Timothy Conder, senior analyst with Wells Fargo Securities, says, “All else being equal, [Brunswick] should continue posting solid market share gains in multiple segments. Near-term, we see [Brunswick] shares potentially consolidating recent gains, but within an upward fundamental trend. We continue to be buyers of this quality cyclical name and see pullbacks as shallow.”
“Brunswick controls several best-in-class assets that should allow it to grow faster than its end markets while driving exceptional returns,” writes B. Riley analyst Jimmy Baker. “The company has revolutionized much of its core marine businesses over the past several years, emerging from the marine industry depression with a leaner, more agile business model. In sum, we believe Brunswick is positioned to rapidly grow earnings in the absence of an economic tailwind, primarily through continued expense reduction and market share gains.”
McCoy says he expects sales of aluminum boats, outboard fiberglass and small sterndrive product will see increases in 2012. Dealers, he says, are focusing on maintaining good inventory levels, adding that “none of us are pie-in-the-sky” as to sales expectations. McCoy is hearing from dealers that there is not enough good used product available to satisfy demand because people are holding on to boats longer.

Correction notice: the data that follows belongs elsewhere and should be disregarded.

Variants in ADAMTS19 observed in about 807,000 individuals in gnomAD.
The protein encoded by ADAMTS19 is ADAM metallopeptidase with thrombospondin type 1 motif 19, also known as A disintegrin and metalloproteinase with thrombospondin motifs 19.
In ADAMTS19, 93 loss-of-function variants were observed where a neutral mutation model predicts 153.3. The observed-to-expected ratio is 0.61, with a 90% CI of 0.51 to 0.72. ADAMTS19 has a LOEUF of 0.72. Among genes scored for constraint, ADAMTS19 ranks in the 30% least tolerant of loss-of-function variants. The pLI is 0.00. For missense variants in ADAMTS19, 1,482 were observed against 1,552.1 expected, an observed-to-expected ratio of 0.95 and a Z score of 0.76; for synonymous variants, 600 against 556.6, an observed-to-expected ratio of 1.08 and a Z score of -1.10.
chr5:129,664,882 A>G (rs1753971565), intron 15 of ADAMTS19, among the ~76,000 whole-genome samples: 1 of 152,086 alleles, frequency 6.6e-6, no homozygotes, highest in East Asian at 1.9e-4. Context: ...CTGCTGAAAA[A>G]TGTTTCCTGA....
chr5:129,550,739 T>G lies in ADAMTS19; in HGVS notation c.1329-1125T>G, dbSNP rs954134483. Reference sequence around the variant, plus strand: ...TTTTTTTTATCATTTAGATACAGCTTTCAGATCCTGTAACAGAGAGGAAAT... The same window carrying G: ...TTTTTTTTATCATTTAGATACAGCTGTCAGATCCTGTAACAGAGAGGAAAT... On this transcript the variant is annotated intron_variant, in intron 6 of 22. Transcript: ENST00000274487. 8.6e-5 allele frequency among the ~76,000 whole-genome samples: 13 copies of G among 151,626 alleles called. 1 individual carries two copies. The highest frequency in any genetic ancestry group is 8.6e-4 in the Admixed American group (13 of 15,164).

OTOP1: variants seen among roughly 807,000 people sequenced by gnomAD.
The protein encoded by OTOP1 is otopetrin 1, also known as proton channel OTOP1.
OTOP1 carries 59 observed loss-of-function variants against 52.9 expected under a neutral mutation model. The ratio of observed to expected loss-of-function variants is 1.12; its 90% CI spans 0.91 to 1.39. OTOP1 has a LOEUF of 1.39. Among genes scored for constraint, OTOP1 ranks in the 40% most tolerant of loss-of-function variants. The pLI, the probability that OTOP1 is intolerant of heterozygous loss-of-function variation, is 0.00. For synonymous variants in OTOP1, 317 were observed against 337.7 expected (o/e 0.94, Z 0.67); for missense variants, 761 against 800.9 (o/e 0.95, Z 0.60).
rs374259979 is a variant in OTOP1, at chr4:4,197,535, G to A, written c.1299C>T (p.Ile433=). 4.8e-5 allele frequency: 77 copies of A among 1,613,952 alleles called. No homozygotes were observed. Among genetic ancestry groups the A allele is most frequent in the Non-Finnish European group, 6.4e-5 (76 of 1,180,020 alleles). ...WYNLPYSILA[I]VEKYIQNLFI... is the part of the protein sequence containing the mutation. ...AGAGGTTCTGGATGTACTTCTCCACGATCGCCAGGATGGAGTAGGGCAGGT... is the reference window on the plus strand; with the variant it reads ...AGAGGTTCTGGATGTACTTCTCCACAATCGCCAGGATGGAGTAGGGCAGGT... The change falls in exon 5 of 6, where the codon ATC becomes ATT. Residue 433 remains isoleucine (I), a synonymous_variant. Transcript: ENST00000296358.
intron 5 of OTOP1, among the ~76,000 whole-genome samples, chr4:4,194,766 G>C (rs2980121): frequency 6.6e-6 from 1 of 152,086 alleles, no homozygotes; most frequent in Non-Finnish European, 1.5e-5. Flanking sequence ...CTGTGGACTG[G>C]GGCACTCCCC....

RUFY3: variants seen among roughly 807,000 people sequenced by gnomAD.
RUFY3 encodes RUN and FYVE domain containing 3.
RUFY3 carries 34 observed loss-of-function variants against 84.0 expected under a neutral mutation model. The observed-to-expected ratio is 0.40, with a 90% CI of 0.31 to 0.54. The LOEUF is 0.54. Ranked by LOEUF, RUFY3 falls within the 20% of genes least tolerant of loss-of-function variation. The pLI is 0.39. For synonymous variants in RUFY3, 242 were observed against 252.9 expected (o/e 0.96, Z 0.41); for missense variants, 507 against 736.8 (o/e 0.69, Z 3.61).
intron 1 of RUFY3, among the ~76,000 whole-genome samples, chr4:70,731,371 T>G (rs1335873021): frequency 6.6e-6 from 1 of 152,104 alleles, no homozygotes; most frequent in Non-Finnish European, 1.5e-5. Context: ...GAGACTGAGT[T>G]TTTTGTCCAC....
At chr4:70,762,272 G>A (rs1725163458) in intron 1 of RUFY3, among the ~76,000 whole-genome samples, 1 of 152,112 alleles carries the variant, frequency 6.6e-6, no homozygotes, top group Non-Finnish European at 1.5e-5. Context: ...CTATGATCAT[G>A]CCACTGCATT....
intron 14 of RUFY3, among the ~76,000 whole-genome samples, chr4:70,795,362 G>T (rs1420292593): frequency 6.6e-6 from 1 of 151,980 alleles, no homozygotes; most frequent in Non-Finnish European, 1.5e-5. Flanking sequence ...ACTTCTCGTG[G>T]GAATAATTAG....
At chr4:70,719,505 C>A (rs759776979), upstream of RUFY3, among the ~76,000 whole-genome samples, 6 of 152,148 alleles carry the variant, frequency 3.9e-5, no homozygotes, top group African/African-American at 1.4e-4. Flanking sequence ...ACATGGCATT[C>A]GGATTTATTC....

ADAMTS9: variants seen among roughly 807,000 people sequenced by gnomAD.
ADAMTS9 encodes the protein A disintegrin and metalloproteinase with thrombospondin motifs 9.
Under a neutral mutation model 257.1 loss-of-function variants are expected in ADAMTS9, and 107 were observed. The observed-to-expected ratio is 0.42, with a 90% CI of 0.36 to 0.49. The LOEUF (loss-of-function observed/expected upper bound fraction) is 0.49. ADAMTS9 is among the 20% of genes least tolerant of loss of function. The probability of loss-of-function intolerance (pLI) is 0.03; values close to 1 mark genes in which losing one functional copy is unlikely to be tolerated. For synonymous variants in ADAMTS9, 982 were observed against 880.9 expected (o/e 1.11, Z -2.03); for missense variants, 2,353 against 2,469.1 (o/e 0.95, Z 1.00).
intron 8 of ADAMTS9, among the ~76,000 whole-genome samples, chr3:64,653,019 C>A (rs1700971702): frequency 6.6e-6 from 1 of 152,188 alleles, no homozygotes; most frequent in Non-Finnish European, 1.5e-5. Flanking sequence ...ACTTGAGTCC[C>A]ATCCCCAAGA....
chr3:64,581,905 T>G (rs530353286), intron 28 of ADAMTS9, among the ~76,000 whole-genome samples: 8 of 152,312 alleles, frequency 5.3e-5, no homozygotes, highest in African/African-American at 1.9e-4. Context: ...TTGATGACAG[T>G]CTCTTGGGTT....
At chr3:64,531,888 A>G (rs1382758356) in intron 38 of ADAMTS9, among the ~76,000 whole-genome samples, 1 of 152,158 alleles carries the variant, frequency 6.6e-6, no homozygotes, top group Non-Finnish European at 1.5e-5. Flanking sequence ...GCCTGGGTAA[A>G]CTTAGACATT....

A good used boat may have a waiting list, he says, and selling prices are back to pre-2008 historical norms.
“We’re pleased with ’11,” says McCoy. “We’ve got a good plan for ’12. We know we’ve got a lot of work to do, our sleeves are rolled up, and we’re at it.”
MarineMax announced a small decline in revenue for its first quarter, but reported a slight increase in same-store sales for the period.
Revenue was $91.8 million for the quarter that ended Dec. 31, compared with $92.2 million for the comparable quarter in fiscal 2011. Same-store sales increased more than 2 percent, compared with an 8 percent decrease in the comparable fiscal 2011 quarter.
Revenue from closed stores that were not eligible for inclusion in the same-store sales base was $2.5 million.
The company reported a net loss of $4.2 million for the quarter, or 19 cents a share, compared with a net loss of $4.7 million, or 21 cents a share, for the fiscal 2011 first quarter.